top of page
  • Instagram

"Not too much", "Not too little", "Just a little bit"... The instructions are endless.

That's the reason why at Rooted Houseplants, we've come up with a few simple rules about watering to keep your indoor plants happy. Then, you'll see that with time, you’ll get a feel for it.

A Man Watering Plants





At Rooted Houseplants, we use room-temperature rain water to water our plants. We would suggest you do the same if possible especially for Calatheas, as tap water has heavy lime content. If you haven’t got access to rain water, pour some tap water in a watering can and leave it for 24 hours to reach room temperature, and give it a chance to dissipate chemicals. If you haven't got a garden, ask your friends and family to collect rain water for you !


Nowadays, most of the decorative plant pots available on the market haven't got drainage holes.

So if you are plant beginner, we suggest you keep the plants in the plastic nursery pots with drainage holes, so that any excess water can drain out.

You should always empty out the excess water that is sitting at the bottom of the decorative pot.


You'll find that a watering can with a long narrow end is really useful.

Top Surface Watering

If the plant is potted in a container, or if that plant is happy to get its foliage wet, like tropical plants such as ferns. You can water from above. Make sure that the water reaches the soil so that the roots get water. This method should only be used when there is a good drainage system to avoid root rot.

Bottom Watering


Plants come in different sizes, and they almost all will benefit from being stood on a tray or bucket of water. Leave for 20/30 minutes, then remove it from the bucket and drain the excess water before putting it back in the pot. This will give them a really good drink, water reaching the roots first.

The advantage of this technique is that you can control the amount of water absorbed by the plant.

Watering Aloe Vera Plant


When it comes to watering your plants, you should be flexible. Some plants might need more watering, more often than others.

It also all depends on how dry / hot your room is. Each family of plants have different needs for water.

We try to be as specific as possible on our care instructions to help you understand your plant's needs.

The best way to see if your plant needs water is simply to get your hands dirty and feel the soil.  Feel the soil of your plants every 2-4 days by just popping 1 inch of your finger in the soil to feel the moisture.

If it feels dry you can water you plant, if it feels damp you should wait 1-2 days before rechecking and watering.

You should also water less often your houseplants during winter, as they get into what we call a dormant period, when the plant growth is slower and the temperatures are lower.


TIP: If you are in doubt about watering a plant, best to leave it for a couple of days. More plants die from overwatering than anything else.

If you are really panicking about your your watering schedule, you can purchase a moisture meter, which will show you the moisture level of your soil. They can be helpful, but we think they are not essential for the houseplant parent. Re-connect with Nature and feel the dirt !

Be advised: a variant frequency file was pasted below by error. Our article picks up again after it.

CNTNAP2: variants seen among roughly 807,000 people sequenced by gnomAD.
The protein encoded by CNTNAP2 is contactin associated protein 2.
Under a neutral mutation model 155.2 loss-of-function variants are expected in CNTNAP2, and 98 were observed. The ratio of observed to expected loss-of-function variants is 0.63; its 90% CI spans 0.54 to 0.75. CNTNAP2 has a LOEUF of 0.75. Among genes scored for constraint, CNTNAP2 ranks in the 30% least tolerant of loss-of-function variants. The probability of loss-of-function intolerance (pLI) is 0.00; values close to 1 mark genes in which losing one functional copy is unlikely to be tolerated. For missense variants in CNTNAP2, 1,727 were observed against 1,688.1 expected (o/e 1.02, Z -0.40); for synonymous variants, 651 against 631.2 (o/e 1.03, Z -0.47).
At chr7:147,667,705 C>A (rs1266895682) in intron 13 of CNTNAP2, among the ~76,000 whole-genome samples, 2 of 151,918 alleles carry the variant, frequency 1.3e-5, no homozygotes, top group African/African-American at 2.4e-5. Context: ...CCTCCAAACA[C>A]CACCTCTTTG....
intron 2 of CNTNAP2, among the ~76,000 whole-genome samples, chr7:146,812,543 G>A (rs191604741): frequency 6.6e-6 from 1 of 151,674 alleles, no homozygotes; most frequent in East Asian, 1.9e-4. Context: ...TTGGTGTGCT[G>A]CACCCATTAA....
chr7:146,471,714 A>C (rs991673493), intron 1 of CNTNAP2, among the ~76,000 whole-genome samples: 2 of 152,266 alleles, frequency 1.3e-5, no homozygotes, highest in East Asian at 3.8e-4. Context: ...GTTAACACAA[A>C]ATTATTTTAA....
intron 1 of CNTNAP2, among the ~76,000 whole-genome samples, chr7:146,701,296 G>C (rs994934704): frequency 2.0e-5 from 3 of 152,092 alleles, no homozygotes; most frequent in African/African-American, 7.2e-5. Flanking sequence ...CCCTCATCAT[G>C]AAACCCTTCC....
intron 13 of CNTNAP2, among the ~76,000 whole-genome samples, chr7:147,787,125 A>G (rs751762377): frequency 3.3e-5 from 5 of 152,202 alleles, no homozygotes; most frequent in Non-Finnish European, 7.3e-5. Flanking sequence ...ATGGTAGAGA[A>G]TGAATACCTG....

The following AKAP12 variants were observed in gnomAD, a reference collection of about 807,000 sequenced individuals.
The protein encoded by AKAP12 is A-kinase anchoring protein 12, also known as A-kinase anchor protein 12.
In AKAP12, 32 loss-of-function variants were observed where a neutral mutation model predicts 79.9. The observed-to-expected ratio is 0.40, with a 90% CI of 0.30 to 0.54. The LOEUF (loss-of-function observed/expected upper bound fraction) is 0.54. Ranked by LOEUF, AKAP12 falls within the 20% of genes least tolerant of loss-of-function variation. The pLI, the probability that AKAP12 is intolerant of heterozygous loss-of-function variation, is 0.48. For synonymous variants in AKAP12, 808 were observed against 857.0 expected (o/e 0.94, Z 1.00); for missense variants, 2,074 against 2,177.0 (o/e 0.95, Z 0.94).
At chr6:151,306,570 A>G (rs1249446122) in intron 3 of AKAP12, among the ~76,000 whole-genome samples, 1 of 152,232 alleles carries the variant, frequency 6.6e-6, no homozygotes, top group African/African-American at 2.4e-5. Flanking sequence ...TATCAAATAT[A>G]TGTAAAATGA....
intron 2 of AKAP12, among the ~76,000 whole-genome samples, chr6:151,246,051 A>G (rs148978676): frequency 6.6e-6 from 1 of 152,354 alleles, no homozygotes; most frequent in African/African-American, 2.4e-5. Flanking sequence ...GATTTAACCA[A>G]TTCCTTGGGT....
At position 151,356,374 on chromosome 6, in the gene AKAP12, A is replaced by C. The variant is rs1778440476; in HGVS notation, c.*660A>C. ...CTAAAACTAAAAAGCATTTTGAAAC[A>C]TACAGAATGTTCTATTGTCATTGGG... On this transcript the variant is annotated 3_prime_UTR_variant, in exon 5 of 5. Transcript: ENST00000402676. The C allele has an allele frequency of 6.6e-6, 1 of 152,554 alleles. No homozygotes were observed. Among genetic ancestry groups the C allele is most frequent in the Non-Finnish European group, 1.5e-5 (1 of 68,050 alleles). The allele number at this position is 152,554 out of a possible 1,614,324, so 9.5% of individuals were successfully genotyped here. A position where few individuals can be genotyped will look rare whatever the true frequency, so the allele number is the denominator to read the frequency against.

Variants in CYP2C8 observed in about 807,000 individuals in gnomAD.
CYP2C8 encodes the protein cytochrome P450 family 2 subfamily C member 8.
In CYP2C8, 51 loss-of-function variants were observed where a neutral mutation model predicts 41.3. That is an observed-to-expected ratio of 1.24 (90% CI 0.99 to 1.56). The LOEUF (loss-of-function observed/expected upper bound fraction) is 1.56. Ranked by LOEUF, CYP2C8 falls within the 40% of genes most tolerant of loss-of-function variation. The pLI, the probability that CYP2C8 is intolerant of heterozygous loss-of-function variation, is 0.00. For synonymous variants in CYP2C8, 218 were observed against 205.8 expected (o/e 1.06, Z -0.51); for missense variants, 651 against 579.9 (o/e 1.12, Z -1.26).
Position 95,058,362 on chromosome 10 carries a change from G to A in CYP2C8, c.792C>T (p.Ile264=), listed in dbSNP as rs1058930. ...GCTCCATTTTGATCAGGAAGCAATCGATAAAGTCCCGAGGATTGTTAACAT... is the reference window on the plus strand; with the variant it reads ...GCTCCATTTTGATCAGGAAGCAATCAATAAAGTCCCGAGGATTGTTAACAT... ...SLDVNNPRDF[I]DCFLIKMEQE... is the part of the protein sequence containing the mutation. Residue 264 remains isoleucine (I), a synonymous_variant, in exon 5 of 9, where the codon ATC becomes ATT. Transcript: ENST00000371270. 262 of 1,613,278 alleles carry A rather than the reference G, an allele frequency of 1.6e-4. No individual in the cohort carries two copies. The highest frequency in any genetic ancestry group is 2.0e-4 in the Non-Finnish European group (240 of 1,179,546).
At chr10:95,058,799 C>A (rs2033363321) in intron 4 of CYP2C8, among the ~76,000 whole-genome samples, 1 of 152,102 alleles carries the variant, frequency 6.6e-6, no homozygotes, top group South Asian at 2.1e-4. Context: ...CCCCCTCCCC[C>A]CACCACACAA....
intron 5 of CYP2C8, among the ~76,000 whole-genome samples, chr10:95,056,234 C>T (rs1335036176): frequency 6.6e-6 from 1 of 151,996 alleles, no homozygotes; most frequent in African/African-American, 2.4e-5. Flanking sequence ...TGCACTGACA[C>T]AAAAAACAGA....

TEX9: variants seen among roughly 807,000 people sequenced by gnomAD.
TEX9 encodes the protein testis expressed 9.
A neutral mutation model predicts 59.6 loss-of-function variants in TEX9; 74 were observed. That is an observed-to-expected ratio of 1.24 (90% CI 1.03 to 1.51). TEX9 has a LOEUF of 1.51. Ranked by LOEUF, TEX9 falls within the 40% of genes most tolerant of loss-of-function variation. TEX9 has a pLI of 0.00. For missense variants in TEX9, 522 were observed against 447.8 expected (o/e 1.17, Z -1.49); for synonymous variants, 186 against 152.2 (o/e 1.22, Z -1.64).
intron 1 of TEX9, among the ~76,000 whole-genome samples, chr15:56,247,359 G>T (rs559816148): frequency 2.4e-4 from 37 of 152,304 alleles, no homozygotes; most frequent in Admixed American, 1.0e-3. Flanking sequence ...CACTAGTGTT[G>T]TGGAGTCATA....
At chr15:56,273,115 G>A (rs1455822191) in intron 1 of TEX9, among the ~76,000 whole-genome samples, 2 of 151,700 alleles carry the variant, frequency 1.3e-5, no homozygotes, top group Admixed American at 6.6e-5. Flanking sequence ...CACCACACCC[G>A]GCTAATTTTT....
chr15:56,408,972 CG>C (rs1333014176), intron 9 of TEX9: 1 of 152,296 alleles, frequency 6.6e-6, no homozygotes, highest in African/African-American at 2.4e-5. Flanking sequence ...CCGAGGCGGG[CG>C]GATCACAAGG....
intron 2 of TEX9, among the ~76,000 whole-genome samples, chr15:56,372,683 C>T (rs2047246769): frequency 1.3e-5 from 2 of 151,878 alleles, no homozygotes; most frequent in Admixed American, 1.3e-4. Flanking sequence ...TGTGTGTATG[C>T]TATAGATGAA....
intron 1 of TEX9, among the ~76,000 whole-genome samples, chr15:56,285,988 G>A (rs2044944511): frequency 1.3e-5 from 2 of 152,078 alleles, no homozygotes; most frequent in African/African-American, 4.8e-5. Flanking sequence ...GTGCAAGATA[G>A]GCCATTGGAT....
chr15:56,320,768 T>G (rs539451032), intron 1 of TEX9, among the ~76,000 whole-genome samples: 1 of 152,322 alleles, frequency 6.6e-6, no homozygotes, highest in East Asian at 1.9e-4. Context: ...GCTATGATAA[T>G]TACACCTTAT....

Raindrops on Leaf




- Green moss on the surface of the soil


- White mould on top of the soil


- Leaves and flowers falling prematurely


- New leaves becoming yellow

- Rotten new growths

- Rotten stems and leaves




- Leaves and flowers falling prematurely

- Droopy leaves

- No new growth

- The plant doesn’t flower

- Shrivelled leaves

- Light pot weight





When talking about watering, we always say to think about the plant in its natural habitat. Cactus and succulents live in very dry and arid condition with lot of direct light, heat and very low moisture. That's the reason why this kind of plant needs to be watered less frequently than the rest of your plants. They get their water from the ground, so the watering from the bottom is the best method for this kind of plant. It will take what it needs. Make sure to avoid getting water on the leaves of your succulents and cactus or this will cause them to rot.

Indoor Plants




If you decide to go away only for a couple of days, and you've watered the plants before you left, your plants will be fine.

Beyond that, if you haven’t got a neighbour or a friend that can help you, here's a few ideas:


For plants in plastic nursery pots

The best way is to use a capillary mat. You can find capillary mat on the internet or from you garden centre.

Place one side of the mat in a sink full with water, (Make sure the plug is put on properly so the water doesn’t leak!) then place the other side over the draining board. Place your plants on the part of the mat that is on the draining board. The mat will absorb the water, which is then absorbed by the plants through the drainage holes.


For plants are in ceramic pots with no drainage holes

You simply need to cut off the end of a plastic bottle, and making a tiny hole in the lid with a toothpick. Push the bottle lid down into the plant and fill the bottle with water, this will then drip slowly in the soil.

You can also use an oil-lamp wick by planting one end in the soil and the other end in a bucket of water. Capillary action will tranfer water from one end to another.

If you still have questions about watering, feel free to contact us. We are always happy to help!

bottom of page